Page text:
A work by Will Ogilvie is a case in point. In July 1944 he was in Caen, witnessing first hand the destruction of that city. In three watercolours completed on site he captured the eerie silence of the deserted and destroyed medieval city. One, Bombed City (CWM 13250), he later repainted in oil. This he titled Dead City, Caen (CWM 13314). While the two paintings remain very similar in terms of composition, Ogilvie has simplified the forms and colours of the oil in order to emphasize its geometric qualities. Shadows and concavities have been reduced to patterns. What is essentially a view of broken walls and bomb craters in the watercolour, becomes in the oil a chilling and surreal composition in the manner of a metaphysical composition by the early twentieth century Italian artist, De Chirico. In the watercolour, two medieval statues on a left-hand wall blend into the composition. In the oil these figures contrast sharply with the brutalized buildings to become the only evidence of humanity in the scene. As such they increase the viewer's awareness of the inhumane results of battle. The change of title confirms the artist's altered intentions in the works. The title of the watercolour, Bombed City, is descriptive, while the title, Dead City carries with it a host of complex associations.
Similar concerns are at the heart of Eric Aldwinkle's Invasion Pattern (CWM 10679), one of the more adventurous depictions of the D-Day landings as seen from the air. In it, a Mustang of No.39 (Reconnaissance) Wing, RCAF, flies over the beach at Graye-sur-Mer. Below the aircraft, landing craft disgorge men and equipment onto a shoreline striated by the activities of earlier assaults. The aircraft is identified as Allied by the black and white stripes on its wings and fuselage. The artist, however, has also chosen to focus on the patterns formed on the beach by the movement of men and arms. Thus, in this work, both artistry and accuracy are addressed. The Mustang is clearly recognizable for what it is, but the portrayal of the scene below demonstrates the artist's interest in the abstract forms and shapes of battle as seen from above. The title itself, Invasion Pattern also makes reference to both the military use of pattern for identification purposes and the artist's own interpretation of the scene as a pattern.
Another watercolour by Aldwinkle from the same period, Air Battle (CWM 10627), is a quite lyrical depiction of an ultimately doomed conflict in the sky. Against an intensely blue background, a burning aircraft descends through a cat's cradle of vapour trails interspersed with bursts of flak. What has fascinated the artist is the beauty and drama of the scene, which he has presented in a swiftly delineated watercolour sketch. In the heat of airborne battle there is no time for accurate observation for the action is fast and soon over. It is this atmosphere of intense and short-lived activity which has been caught by the artist in a synthesis of abstract forms. In this work Aldwinkle has heeded Walter Abell's injunction and recognized the limitations of the "formal and official" to create a powerful and evocative image of aerial combat.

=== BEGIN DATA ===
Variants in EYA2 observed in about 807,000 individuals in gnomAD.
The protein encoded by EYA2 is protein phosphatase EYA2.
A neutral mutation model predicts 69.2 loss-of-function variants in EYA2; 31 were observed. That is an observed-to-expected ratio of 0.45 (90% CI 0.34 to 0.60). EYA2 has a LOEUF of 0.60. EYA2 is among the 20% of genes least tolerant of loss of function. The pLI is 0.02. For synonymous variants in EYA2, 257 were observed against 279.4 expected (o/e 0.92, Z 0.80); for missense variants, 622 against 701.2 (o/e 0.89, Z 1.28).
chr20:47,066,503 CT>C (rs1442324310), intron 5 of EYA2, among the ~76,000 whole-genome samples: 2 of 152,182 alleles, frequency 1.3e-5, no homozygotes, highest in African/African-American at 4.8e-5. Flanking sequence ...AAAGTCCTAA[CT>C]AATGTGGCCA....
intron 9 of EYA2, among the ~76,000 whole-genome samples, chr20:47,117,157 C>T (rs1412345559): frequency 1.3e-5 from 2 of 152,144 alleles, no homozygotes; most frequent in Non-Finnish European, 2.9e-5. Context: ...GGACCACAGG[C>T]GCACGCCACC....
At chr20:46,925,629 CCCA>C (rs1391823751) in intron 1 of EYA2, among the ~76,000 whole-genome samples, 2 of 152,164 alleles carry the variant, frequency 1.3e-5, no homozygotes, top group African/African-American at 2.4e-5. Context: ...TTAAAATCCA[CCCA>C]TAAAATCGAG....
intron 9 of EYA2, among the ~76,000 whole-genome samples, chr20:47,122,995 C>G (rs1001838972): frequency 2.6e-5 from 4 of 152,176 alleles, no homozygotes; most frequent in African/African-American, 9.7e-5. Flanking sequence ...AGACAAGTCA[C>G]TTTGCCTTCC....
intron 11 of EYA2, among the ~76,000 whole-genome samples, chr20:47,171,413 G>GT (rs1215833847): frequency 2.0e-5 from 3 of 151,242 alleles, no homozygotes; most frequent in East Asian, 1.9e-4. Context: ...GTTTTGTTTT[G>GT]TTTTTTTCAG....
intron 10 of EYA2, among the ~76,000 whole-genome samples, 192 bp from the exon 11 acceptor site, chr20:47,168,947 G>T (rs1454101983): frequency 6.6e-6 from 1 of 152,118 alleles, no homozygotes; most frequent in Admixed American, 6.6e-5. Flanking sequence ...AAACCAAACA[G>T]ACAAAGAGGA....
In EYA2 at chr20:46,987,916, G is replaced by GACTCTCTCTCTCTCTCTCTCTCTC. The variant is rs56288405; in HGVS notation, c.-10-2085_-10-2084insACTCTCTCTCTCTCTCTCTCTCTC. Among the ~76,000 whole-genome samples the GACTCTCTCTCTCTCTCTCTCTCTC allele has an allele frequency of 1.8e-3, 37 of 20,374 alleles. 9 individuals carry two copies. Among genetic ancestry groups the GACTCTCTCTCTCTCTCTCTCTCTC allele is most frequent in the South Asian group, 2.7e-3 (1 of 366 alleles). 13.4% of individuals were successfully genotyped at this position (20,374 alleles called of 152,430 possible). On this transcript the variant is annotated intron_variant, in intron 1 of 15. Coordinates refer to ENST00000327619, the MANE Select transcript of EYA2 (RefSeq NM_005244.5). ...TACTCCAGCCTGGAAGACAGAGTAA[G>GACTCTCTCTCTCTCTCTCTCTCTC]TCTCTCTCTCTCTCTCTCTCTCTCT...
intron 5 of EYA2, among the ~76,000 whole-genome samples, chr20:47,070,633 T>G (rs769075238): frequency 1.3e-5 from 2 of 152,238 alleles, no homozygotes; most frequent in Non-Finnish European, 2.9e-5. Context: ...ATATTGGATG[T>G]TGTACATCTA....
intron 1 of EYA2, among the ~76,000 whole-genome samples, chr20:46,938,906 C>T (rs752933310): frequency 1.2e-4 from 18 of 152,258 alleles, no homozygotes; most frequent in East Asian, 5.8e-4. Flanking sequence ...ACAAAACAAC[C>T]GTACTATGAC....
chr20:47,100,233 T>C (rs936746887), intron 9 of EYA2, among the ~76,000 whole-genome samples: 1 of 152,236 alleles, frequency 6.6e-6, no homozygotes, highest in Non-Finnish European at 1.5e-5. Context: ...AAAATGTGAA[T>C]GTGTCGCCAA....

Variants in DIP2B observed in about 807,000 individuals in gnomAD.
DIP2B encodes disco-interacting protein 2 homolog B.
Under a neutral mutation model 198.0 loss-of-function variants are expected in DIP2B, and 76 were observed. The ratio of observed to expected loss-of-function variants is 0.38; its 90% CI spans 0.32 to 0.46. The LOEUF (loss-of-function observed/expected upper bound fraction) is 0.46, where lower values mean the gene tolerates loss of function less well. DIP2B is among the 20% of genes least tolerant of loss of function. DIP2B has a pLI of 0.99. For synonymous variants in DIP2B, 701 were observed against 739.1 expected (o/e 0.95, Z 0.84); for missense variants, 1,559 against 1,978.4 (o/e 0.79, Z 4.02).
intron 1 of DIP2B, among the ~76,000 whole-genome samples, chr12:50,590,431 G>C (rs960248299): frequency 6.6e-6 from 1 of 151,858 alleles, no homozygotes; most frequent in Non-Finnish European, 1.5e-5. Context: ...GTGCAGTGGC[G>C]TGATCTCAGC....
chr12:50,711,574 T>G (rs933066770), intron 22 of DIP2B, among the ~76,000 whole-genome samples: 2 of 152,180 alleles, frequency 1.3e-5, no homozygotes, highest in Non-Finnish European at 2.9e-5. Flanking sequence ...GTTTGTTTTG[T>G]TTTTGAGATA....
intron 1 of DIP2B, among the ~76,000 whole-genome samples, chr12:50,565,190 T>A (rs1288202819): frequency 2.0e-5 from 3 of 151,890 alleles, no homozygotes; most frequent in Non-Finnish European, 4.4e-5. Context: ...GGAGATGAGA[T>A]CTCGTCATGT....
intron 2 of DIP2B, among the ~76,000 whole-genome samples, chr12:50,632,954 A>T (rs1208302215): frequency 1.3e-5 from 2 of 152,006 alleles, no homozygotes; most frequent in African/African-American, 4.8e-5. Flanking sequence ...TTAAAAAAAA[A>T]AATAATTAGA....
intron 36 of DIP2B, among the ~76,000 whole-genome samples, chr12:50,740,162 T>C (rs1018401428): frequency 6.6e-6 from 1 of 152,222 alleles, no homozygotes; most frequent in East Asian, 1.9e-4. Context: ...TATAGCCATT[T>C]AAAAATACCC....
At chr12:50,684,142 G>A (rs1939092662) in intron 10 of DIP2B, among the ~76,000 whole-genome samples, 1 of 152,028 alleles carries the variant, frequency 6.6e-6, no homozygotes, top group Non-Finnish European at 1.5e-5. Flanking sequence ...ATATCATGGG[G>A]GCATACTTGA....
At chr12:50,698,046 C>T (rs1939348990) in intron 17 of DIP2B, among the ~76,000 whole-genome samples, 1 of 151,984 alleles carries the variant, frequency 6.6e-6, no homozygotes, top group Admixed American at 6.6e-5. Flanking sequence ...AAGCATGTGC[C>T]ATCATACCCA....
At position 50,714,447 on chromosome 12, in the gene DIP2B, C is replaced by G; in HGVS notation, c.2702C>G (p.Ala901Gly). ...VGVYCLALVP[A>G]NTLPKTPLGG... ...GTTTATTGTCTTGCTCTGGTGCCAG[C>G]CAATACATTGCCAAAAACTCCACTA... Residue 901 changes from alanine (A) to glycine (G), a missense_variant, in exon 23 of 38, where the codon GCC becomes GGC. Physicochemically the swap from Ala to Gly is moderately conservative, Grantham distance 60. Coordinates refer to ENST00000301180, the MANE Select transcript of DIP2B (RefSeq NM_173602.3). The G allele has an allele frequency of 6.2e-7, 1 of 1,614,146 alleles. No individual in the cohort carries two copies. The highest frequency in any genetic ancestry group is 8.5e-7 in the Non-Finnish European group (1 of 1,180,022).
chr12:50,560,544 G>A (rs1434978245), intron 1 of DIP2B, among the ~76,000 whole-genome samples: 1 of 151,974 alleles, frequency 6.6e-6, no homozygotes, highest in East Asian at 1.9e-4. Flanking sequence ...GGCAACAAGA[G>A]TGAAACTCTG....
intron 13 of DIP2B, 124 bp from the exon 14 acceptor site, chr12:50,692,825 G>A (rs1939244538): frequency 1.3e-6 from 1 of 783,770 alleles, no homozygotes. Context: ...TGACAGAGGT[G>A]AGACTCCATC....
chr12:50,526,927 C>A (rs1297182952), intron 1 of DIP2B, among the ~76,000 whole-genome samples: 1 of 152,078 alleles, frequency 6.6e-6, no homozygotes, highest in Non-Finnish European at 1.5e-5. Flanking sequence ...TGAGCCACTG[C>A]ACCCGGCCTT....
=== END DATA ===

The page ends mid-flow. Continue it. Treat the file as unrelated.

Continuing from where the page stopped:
Above Falaise (CWM 14439) by Robert S. Hyndman provides a significant contrast to Air Battle in many ways. In it Spitfires engage in a dogfight with Messerschmitt 109s over Normandy. Unlike Aldwinkle, Hyndman had flown a tour with No . 411 Squadron, RCAF, before becoming an official war artist. He was therefore familiar with the progress of such encounters and less caught up in the visual beauty of his material. Based on personal experience he is able to capture the details of the combatants while at the same time expressing on canvas the speed at which events took place. The tension of the moment is created by compositional means, particularly in the way the aircraft fly towards each other, their noses almost touching in the centre of the painting. This strong horizontal movement is offset by the burning plane whose trail of smoke provides a diametrically opposite vertical emphasis.
Watercolour studies driven by much the same ethos were painted by another war artist attached to the air force, Paul Goranson. Dogfight over the Beachhead (CWM 11355) is one example. Another artist, George Broomfield, elected to remain a serving officer in the air force rather than become an official war artist but sketched under special arrangements. A watercolour and chalk study of a camouflaged Typhoon in the midst of harvest time entitled July, Normandy, 1944 (Hun Recce Plans above) (CWM 14396) is typical of his work. Everyday life is contrasted with the realities of a war which is represented by the vapour trails in the sky.